'As a woman in the church with not enough men for each of us, it would have been good to have heard positive support and ideas on dating non-Christian guys over the years.'

The survey found that 42% of singles would marry a non-Christian rather than stay single, while 57% said they would only marry within the faith. It also found that 78% of singles think sex belongs only within marriage, even if some respondents said they found that hard to live by.

But the church needs a way to cope with the fact we live in a highly sexualised society and we’re marrying much older than we did in the past.

'There are grown-up Christians in the church who don’t have a life partner and still believe sex should be kept for marriage, but leaders need to come up with a different message to the one they use with teenagers,' says Phoebe, 31, who’s been a Christian all her life.

Churches also need to find a way to value people whatever life stage they’re at. 'Marriage is held up as the Holy Grail in evangelical churches – like it’s something you’ve got to achieve and if you haven’t, there’s something missing,' adds Phoebe, who works as a communications manager for a charity. 'But it’s a life stage we’ve all got to go through so it’s about valuing everyone.'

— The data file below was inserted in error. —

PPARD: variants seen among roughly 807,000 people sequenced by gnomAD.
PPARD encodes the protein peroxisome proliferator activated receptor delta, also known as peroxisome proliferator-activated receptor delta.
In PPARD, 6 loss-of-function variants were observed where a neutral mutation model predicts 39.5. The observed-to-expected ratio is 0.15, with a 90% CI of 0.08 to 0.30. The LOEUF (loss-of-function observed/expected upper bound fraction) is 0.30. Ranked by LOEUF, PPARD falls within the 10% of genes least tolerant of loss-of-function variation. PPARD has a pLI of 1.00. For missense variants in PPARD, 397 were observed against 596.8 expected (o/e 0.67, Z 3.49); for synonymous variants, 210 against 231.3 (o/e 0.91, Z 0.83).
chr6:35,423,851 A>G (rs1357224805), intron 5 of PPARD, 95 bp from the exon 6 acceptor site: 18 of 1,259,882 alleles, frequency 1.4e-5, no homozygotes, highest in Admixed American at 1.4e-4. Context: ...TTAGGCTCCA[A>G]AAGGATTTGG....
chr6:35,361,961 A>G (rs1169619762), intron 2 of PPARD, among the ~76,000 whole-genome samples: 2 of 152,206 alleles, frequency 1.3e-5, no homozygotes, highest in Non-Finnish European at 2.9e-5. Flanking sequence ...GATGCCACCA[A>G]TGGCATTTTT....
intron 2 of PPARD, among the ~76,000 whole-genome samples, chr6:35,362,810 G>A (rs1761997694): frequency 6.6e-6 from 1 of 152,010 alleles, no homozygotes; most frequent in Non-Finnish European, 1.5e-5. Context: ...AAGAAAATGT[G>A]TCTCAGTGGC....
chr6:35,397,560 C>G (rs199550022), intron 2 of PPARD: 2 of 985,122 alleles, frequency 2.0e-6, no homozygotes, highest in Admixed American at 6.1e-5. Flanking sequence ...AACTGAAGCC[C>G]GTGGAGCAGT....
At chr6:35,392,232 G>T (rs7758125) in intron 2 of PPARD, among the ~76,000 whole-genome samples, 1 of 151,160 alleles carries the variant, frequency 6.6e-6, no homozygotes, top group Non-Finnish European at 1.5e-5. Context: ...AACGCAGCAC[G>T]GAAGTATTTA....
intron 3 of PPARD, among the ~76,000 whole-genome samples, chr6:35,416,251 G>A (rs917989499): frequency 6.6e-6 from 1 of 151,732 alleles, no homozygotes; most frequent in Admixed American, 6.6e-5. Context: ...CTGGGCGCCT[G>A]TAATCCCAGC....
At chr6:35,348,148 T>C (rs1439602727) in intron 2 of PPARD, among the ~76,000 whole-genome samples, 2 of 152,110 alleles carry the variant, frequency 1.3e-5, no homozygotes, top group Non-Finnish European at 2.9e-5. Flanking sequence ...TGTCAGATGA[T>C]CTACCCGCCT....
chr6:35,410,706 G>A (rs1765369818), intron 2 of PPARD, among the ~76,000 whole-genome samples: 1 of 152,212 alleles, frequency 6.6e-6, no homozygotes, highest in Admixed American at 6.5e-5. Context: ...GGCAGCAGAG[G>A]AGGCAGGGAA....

To read the rest of this article, look out for the January/February issue of Families First in your local newsagents or WHSmith or purchase online!

10 ways to maximise your single years

Here’s 10 short suggestions by US Campus Minister to make the most of the solo life as a young adult

This short article is copied from youngadults.lifeway.com

Singleness is neither a disease that needs to be cured, nor is it a carpe diem season of life. From the proper perspective, singleness is very strategic in God’s economy — whether for a season or for a lifetime.